Now, after the age of 2, that baby brother or sister has developed a personality! She makes mom laugh, and mom tells big brother he has to wait till mom is done with little sister before she can help me. That causes the older sibling to use his immature thinking (which is totally age appropriate) and wonder, “What’s wrong with me? Aren’t I as good as the baby?” He’s afraid he’s lost his place in the family.
The way your child thinks isn’t the way you think
Remember, your child still relies on immature thinking. When he experiences a jealous feeling he misunderstands it and decides, “I found a way to get mom’s full attention. When I push my sister, I get all of mom’s attention. Sure, mom may yell, and I will be punished, but that’s the cost of getting attention in this family.”
I’m sure you can imagine how that immature thinking can cause a misunderstanding that will spin itself into the child’s subconscious and affect every relationship that person has as they age.
Many experts tell you to spend more time and shower your child with endless amounts of love. That will help, but it doesn’t heal. This is one of those situations that requires a perception change before any new strategy can work. Parents need to see their children from a different perspective.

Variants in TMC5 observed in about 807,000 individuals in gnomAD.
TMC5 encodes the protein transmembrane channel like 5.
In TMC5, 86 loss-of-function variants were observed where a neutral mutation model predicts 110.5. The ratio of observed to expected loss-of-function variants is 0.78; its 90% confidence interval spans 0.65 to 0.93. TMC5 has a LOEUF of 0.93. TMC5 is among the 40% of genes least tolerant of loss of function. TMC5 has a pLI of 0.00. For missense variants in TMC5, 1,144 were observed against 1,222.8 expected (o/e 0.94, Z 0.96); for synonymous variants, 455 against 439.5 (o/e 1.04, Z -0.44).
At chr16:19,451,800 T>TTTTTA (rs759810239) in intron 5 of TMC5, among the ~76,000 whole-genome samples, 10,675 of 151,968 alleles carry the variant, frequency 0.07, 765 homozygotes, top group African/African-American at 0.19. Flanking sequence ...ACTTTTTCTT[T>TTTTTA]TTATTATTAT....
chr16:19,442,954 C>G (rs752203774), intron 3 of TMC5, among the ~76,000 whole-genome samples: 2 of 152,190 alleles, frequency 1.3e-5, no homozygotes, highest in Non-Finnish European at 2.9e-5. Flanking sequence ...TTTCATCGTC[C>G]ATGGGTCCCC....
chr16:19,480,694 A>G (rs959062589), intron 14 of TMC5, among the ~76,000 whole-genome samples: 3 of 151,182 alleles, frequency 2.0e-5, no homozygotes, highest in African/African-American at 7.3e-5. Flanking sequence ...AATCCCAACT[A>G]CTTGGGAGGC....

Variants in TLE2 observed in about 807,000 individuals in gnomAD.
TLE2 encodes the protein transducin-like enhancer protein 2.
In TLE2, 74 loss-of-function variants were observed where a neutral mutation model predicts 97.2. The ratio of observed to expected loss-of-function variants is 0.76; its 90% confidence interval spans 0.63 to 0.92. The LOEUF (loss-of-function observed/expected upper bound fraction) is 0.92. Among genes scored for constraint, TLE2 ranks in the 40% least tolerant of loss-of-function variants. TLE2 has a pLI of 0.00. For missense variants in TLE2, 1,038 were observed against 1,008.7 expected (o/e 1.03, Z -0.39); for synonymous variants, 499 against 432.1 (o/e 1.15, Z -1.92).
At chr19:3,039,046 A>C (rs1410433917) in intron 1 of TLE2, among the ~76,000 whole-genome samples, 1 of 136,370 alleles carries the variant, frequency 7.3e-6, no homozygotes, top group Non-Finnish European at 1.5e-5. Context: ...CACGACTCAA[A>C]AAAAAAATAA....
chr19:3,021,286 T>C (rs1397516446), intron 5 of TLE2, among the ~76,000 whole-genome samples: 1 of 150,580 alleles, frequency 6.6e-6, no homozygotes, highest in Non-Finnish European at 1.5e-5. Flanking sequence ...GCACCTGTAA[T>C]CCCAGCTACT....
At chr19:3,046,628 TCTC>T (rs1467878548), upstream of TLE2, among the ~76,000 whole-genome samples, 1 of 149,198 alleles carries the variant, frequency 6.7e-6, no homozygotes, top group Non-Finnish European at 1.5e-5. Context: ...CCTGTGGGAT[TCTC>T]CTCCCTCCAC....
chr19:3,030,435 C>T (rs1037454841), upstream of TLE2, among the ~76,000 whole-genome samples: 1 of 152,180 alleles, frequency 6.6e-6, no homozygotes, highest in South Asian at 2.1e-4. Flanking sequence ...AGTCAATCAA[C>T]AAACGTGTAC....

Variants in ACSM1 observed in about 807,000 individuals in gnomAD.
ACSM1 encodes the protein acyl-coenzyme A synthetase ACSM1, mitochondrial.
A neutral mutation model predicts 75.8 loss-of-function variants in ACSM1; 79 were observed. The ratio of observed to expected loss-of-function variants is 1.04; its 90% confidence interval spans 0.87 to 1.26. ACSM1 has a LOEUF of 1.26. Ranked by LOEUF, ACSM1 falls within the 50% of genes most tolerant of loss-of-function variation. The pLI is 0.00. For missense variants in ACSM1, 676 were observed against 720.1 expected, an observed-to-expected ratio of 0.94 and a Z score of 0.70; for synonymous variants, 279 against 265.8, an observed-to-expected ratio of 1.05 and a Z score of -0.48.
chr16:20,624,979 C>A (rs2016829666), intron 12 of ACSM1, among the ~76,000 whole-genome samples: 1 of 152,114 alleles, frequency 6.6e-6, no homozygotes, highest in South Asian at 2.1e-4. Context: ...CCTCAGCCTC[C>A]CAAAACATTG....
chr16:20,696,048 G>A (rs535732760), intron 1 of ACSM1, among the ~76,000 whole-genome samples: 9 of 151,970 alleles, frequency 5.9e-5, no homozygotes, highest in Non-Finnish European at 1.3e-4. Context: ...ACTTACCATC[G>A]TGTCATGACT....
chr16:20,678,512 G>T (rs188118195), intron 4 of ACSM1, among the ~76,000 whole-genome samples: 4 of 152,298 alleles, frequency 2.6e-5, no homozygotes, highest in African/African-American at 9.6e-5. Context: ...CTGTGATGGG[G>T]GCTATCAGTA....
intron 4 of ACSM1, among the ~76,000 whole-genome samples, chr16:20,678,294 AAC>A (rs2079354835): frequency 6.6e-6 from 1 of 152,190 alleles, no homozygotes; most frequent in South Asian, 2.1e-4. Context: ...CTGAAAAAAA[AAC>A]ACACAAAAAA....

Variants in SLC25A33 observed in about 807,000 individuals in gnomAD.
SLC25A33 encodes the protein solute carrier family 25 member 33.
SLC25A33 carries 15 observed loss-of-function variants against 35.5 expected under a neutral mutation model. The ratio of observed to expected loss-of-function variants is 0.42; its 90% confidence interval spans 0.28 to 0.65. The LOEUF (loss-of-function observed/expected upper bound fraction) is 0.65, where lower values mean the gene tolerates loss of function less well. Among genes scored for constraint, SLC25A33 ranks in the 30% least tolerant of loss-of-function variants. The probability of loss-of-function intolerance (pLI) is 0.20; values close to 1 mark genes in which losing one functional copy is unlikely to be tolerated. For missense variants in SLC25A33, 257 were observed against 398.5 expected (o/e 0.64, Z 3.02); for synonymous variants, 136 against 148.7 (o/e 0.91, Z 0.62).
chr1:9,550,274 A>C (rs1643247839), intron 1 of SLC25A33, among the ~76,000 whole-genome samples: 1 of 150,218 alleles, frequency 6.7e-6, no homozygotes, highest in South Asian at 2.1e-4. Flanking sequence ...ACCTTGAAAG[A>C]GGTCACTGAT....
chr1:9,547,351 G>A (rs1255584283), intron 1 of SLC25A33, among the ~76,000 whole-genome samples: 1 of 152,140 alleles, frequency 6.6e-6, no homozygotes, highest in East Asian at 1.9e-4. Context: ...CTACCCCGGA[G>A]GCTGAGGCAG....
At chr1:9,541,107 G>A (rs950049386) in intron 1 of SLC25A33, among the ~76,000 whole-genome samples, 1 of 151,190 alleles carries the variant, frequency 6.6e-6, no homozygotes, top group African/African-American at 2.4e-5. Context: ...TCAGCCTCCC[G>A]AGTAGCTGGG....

Your child knows you better than you know yourself
Your child has been translating your energy and watching your face and body language since birth. He knows every nuance of your facial expressions and body language. He knows the vibe you put out when you’re shaming, judging, and disapproving, even if you try and hide it. So shifting your perception of your child and his behavior needs to occur before attempting any strategic methods to change anything.
Heads UP: Rely on your intuitive mothering sense here. If you have a nagging feeling that this behavior is more complex than what I am describing in this post, trust yourself and have him tested.
Changing your Perception
Here’s what to do next to shift from frustration and anger to understanding and calm.
Kids need your clarity and acceptance to release their multi-layered feelings. When you empathize before correcting your child, he:
• learns that we all make mistakes, some of which are whoppers.
• discovers he’s safe enough to express his big feelings.
• understands that he can trust you with the things he would rather not express.
• experiences that you are there to guide him through this instead of shaming, blaming, judging, or holding him responsible for something he can’t fully control yet.
The best part of this process is that when any person feels and expresses their emotions in the presence of empathy, the feelings begin to release. Tears are shed, anger is expressed, and the parent proves they are there to create a safe space for the feelings to be released. This process is one of the key pillars to building resilience.
Three ways to recognize the motivation behind the hitting